In case it wasn't clear, that was an invitation for you to put forth your argument in your own words and start a discussion (rather than trying to assign me a reading list every time we disagree).

How do you know you're not in a cult? You seem very convinced that everybody else is.

I don't believe that at all. And as for myself, I'm not a member of any groups or organizations whatsoever, let alone cults.
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afleitch
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« Reply #22 on: June 11, 2021, 02:40:22 PM »

Speaking from within the queer community, in some ways a revival is already ongoing in certain spheres. The suffering and oppressed, and those who have been rejected by society at large, have always been the foundation of religion, and in a time as confusing and draining as late-capitalist modernity plenty of folk find themselves with a need to live for a greater purpose and love something greater than themselves. I was born to two people who had left faith in young adulthood, only to find myself lacking in grounding, and yearning for release from all the woes that being trans imparts, at that same age. After finding Goddess I have felt infinitely more connected to nature, my female identity, and my queer forebears and ancestors, and this is an increasingly common experience.

This is still movement against the current of most of society at the moment, but especially with a grim future of more entrenched wealth and environmental destruction stretching out ahead of us the forces to continue the trend exist if people continue to find new solace in faith. Even if older faiths remain in decline, the future may be ripe for a new movement that captures the mood of the era.

Queerness itself is spirituality. Which I think is missed by those religious and non-religious outside of that.
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Samof94
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« Reply #23 on: June 11, 2021, 05:50:00 PM »

      I expect something of the sort to occur in 50-100 years, once the West enters into serious decline. Wealth unfortunately tends to alienate people from God.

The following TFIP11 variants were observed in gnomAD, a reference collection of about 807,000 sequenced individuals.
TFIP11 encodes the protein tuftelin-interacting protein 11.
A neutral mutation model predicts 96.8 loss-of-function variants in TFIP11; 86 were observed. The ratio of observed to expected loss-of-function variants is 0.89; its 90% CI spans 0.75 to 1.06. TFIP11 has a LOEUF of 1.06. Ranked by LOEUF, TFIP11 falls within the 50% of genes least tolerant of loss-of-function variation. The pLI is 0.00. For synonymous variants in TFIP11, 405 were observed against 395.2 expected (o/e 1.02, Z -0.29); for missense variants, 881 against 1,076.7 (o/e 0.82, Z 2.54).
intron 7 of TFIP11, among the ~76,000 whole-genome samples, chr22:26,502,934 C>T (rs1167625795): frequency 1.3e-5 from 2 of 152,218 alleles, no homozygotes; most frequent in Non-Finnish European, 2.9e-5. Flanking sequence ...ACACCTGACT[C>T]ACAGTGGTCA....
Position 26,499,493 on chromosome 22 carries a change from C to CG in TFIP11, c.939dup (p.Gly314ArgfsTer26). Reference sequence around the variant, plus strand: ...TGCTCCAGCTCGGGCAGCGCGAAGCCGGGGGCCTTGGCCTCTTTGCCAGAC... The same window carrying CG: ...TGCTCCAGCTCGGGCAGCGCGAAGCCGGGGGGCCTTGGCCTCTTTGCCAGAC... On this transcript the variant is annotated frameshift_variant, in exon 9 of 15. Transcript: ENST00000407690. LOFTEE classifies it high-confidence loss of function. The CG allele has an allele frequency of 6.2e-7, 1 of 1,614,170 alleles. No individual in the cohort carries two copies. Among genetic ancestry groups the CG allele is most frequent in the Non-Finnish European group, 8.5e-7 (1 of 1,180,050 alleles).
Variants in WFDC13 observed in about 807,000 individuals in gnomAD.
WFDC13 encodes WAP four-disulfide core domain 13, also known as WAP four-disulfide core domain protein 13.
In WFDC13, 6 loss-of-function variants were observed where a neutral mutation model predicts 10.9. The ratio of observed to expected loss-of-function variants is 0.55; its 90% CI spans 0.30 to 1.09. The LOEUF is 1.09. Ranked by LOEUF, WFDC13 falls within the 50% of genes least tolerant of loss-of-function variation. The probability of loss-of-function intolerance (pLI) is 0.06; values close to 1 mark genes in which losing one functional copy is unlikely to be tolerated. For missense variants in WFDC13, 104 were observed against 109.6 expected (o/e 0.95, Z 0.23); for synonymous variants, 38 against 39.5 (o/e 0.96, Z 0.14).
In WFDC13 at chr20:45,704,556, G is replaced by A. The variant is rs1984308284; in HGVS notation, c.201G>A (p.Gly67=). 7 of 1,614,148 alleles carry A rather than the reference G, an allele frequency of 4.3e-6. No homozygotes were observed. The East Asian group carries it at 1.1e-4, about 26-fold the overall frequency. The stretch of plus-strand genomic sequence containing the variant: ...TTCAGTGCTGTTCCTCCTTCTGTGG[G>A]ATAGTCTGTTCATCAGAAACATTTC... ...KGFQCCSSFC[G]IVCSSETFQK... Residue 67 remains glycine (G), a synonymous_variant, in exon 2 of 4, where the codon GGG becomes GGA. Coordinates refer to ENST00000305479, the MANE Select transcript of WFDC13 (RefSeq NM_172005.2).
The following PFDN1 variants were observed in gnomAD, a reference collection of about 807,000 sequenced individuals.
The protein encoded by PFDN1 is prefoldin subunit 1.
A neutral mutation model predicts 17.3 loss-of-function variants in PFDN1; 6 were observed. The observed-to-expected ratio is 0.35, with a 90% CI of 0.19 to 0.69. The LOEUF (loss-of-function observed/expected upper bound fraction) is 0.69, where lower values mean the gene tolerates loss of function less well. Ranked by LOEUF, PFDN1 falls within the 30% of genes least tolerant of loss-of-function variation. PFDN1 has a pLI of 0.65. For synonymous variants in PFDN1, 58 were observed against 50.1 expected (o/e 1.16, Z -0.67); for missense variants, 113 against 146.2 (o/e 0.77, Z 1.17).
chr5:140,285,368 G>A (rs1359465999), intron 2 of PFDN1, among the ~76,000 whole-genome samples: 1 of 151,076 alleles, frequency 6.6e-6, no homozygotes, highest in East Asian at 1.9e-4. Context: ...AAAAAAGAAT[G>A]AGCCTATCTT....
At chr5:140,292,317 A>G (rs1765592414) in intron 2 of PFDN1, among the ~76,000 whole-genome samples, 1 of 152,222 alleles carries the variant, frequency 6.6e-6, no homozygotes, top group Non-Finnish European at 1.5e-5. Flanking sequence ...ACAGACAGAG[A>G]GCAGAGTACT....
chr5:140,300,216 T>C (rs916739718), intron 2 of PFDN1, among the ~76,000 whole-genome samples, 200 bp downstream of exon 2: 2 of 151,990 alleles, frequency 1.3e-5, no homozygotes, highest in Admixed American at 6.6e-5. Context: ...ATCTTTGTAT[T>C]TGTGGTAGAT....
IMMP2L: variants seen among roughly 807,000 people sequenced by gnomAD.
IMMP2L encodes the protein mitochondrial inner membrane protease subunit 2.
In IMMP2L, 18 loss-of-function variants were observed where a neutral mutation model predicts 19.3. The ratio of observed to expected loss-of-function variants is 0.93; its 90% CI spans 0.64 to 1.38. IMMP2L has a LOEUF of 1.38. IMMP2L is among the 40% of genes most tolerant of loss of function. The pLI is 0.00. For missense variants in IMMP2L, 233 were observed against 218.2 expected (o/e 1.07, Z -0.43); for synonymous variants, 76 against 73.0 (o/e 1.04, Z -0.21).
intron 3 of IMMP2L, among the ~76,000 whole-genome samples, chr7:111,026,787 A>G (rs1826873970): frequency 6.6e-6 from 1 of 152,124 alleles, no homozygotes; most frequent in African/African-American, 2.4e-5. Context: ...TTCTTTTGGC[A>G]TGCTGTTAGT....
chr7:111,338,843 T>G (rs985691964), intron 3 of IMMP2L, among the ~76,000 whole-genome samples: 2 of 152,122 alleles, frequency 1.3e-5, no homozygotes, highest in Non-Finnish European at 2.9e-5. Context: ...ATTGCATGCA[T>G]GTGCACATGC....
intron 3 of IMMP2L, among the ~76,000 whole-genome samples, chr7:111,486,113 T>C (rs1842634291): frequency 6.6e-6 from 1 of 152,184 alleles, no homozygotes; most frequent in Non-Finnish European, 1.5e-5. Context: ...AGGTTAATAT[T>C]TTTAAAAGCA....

That certainly seems possible. Religiousity went up in Rome as general prosperity went down, in the 300s and 400s.
The difference was that the old system wasnít about belief, it was about ritual. Also, there are societies that are rich and religious like any Gulf oil dictatorship.

     The effect isn't instant; America spent many years being one of the most prosperous countries in the world and also very religious. The wealthiest societies tend to move away from faith, and I suspect that in a century the oil-rich gulf states will be much more secular vis-a-vis the median country than they are today.
Them secularizing one day when the police runs out but not on western lines makes sense.
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Senator-elect Scott🦋
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« Reply #24 on: June 11, 2021, 09:42:28 PM »

How do you know you're not in a cult? You seem very convinced that everybody else is.

I don't believe that at all. And as for myself, I'm not a member of any groups or organizations whatsoever, let alone cults.

So how do you define "cult"? Must they always be of a religious nature? QAnon is clearly a cult to you even though it has no formal set of moral rules or any underlying philosophy concerning God or otherwise. Is the Boy Scouts a cult? Political parties? Fraternities?

How about small religions in the West which may or may not involve a deity but are of a religious nature nonetheless, i.e. Buddhism and Daoism?